I'm trying to be a little more impulsive in choosing which games I play, and when. I figure that is a much quicker way of whittling down the pile and winnowing out games from it that I can immediately discard, at least initially.
Along this train of thought, I decided to check out a few games over the past week:
SteamWorld Dig - I felt that it made sense to play this, having free money on Nintendo's eShop, and having recently played La Mulana, Cave Story+, and Spelunky, other 2D-platformer cave-centered adventure games. It seems pretty well done, but to be lacking in depth. It feels like it would have been a really great SNES game. There are Metroid-like mobility and ability upgrades, and a petty easiliy identifiable core loop of dig > collect valuables > return to town to sell them > purchase upgrades > tackle more areas to dig in. It just feels a little too pat next to those other three games.
Persona 2: Innocent Sin - The PSP version of this was on sale for $10 on PSN last week, so I picked it up to play on my Vita. I purchased Eternal Punishment way back in, I think, 2001, but never played much of it. I won't be playing much of this, either, unfortunately. It's not that I didn't like what I played--an hour or so--it's just that way too much of that time was spent in repetitive random battles. The game is not compatible with my limited amount of time, as a grown-ass man and father. At least not at this stage of those roles. I did find the premise kind of interesting, though, I have to admit, if a little anime-cliche heavy.
Deus Ex: Invisible War - I bet this game would have made a real impression, had I played it on the PS2. It was apparently designed around that system. Next to modern entries in the "immersive sim" genre, or I should say PC entries in said genre, including the original Deus Ex, this is Deus Ex Duplo. Everything is big and simplistic, with all the edges rounded off. And the voices are atrocious; not that those of the original were any good. What a shame? What a shame.
Dragon Age II - I think my approach may have paid off, here. I've put in a couple of hours with it so far, and I'm intrigued. I haven't played Dragon Age: Origins, and that may be for the better, in this case. Dragon Age II, by all accounts, is not much like that game, and suffers for the comparison. No, Dragon Age II seems to me so far more like a Swords and Sorcery skin on the Mass Effect formula, with a few tweaks. No doubt a huge let-down for fans of DA:O, but as a Mass Effect player, I am OK with taking it for what it is, at least this far. It also starts out well with a cast of strong female characters, particularly with a female Hawke. She's very cool, so far. I'm planning to play more of this one.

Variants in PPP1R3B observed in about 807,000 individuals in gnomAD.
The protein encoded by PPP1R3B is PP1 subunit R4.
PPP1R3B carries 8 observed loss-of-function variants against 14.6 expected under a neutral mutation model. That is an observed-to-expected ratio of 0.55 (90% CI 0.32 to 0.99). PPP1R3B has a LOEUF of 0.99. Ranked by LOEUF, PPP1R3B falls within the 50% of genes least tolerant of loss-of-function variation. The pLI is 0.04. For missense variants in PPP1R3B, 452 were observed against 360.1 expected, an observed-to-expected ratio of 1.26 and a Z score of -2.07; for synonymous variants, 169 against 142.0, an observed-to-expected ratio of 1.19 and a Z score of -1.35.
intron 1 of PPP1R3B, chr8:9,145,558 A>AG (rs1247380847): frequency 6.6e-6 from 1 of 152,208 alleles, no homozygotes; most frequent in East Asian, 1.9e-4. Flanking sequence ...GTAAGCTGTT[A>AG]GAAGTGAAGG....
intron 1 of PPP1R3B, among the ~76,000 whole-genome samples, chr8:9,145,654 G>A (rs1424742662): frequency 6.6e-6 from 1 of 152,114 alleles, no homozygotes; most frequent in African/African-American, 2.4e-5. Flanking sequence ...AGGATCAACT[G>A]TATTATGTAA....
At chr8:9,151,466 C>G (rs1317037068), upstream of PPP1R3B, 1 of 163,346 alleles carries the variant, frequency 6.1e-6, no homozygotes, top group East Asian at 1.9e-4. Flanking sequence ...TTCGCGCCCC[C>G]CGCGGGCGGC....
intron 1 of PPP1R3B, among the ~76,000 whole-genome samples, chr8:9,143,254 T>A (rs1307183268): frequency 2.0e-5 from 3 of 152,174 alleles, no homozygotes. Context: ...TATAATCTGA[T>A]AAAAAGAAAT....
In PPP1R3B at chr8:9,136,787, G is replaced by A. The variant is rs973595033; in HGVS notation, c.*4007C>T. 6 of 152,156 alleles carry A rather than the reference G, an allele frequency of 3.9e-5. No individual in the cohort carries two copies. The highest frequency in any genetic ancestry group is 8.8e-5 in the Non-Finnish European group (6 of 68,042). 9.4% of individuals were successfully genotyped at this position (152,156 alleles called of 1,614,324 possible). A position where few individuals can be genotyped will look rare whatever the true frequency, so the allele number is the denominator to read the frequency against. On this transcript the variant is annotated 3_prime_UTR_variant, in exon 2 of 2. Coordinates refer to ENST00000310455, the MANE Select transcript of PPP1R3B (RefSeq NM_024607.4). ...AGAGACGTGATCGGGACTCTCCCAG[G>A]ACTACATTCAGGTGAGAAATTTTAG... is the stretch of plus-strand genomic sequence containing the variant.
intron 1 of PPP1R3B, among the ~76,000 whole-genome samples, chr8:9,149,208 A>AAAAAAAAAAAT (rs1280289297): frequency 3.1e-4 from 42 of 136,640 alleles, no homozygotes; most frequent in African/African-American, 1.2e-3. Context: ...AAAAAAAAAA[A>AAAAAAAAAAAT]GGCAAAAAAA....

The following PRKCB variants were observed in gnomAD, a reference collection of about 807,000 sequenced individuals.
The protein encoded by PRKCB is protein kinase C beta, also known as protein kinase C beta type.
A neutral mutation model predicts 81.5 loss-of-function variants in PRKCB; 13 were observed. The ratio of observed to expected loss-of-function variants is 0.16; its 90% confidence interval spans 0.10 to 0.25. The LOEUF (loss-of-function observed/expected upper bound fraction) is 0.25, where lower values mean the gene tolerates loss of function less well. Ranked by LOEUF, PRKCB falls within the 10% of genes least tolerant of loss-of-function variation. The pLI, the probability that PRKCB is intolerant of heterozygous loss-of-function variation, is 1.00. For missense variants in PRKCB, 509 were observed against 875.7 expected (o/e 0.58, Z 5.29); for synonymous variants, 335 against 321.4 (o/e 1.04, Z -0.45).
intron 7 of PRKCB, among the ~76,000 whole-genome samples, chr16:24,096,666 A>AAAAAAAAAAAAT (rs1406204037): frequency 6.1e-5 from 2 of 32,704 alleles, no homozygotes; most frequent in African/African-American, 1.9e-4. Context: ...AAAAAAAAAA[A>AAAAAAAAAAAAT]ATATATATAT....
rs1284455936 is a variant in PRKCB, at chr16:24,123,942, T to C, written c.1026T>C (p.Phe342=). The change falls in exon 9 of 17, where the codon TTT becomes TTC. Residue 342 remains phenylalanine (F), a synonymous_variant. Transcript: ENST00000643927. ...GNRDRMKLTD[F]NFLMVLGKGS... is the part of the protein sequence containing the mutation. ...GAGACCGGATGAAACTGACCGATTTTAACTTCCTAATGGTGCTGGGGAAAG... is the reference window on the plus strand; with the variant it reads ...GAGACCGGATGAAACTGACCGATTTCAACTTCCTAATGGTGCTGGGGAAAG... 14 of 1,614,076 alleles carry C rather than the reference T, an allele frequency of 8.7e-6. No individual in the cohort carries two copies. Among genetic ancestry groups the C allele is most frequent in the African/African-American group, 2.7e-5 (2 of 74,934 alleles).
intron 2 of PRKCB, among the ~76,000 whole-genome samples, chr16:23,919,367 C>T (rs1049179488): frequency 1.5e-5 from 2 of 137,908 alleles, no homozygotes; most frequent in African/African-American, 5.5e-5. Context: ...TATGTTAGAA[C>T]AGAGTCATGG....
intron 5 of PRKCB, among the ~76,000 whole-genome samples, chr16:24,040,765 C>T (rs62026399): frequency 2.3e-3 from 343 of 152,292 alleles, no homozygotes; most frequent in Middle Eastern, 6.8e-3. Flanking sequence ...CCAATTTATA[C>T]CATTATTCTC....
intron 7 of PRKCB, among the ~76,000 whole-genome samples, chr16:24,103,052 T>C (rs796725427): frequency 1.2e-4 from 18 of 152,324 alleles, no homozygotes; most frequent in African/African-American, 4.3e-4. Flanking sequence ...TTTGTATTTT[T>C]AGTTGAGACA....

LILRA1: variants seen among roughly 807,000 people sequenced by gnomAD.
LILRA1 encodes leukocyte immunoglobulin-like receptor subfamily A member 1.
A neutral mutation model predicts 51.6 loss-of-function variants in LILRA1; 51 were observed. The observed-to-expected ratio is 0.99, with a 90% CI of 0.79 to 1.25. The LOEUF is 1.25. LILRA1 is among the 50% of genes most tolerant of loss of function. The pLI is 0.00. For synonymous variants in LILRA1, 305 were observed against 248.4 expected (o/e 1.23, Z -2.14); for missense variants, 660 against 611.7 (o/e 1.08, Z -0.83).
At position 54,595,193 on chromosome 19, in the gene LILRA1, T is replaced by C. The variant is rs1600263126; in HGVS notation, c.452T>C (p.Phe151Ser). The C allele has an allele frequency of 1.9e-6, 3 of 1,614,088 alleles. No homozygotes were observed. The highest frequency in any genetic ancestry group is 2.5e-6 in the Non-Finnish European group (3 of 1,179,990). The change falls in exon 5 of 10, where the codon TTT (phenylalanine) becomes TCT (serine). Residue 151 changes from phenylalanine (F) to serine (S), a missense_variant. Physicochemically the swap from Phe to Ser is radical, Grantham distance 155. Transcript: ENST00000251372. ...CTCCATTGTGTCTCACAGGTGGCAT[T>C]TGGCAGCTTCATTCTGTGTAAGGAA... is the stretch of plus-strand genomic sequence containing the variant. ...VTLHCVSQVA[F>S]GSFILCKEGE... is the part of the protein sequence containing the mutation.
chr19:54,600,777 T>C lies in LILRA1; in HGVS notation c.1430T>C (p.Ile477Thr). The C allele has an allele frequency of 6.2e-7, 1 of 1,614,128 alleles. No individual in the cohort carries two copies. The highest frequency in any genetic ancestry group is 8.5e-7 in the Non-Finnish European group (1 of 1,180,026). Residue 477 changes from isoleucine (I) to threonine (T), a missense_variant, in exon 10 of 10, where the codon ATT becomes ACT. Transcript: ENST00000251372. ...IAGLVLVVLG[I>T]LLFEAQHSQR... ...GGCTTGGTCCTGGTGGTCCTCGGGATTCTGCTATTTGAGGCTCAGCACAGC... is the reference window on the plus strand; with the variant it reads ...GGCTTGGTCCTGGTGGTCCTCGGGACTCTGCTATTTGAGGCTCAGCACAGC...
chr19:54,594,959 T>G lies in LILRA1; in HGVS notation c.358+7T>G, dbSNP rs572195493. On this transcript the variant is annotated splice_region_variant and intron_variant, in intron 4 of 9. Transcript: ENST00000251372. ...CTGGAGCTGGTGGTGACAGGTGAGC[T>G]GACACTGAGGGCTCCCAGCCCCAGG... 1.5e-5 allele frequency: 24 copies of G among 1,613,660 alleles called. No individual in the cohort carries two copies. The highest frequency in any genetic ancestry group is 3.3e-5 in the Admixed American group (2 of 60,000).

On the more traditional backlog slog, I'm still trying to get through Half-Life 2. I don't know why its taking so long; I like this genre, and I like this game, I just always seem to want to play something else. The last section I played through was pretty awesome, though--leading a bunch of antlions on an assault of the Combine-controlled prison Nova Prospekt. I wonder what comes next; I have pretty much no idea where this game goes or what happens on down the line in the series, aside from spoilers about how Episode 2 wraps up. It might be a subconscious thing. I may be protecting myself from getting wrapped up in the story, knowing that there is no conclusion in sight.
I began Soul Sacrifice recently, though I didn't do much but begin it. It seems like it might be good. I need to play more, whenever I can make the time, but I wasn't put off of it for any reason. It could be fun, with some time invested in getting to the up-and-running phase.
I am still playing the Spelunky daily challenge every day, and I think I am actually getting better at the game. That is no protection from stupid deaths, of course, but I do feel like I am regularly getting farther in than I was before. Maybe it's that I am being more cautious with my precious one-time daily plays.
Finally, Blizzard sent me a beta invitation to Hearthstone, their free-to-play digital collectible card game, and I really like it. As a onetime uber-hardcore Magic: The Gathering player, Hearthstone is very simplistic, but also very quick to play, and a lot of fun. It's actually a lot like Magic, just with most everything stripped out and boiled down to the creature combat mechanic, with a couple of interesting tweaks. In Hearthstone, you can choose whether you attack other creatures, which ones, or whether you bypass them and attack the other player directly. In Magic, it is of course up to the defending player to assign blockers or absorb the damage themselves. Hearthstone also lacks land dependency for mana and "instant" speed spells that can be played at any time during combat or the opponent's turn. There don't appear to be any "permanents" aside from creatures, either. Decks are limited to 30 cards, and there doesn't appear to be any graveyard. It seems that cards, once cast, go back into the deck to be reused later. There doesn't seem to be a mechanic for running out of cards, and so the only way to win is to actually kill the enemy through damage. All this leads to a much faster and more streamlined game, but at the cost of a lot of the depth of Magic. It's a valid approach, and it does make for a game that is a lot of fun. I am looking forward to playing a lot more of it; the arena (sealed draft) mode especially.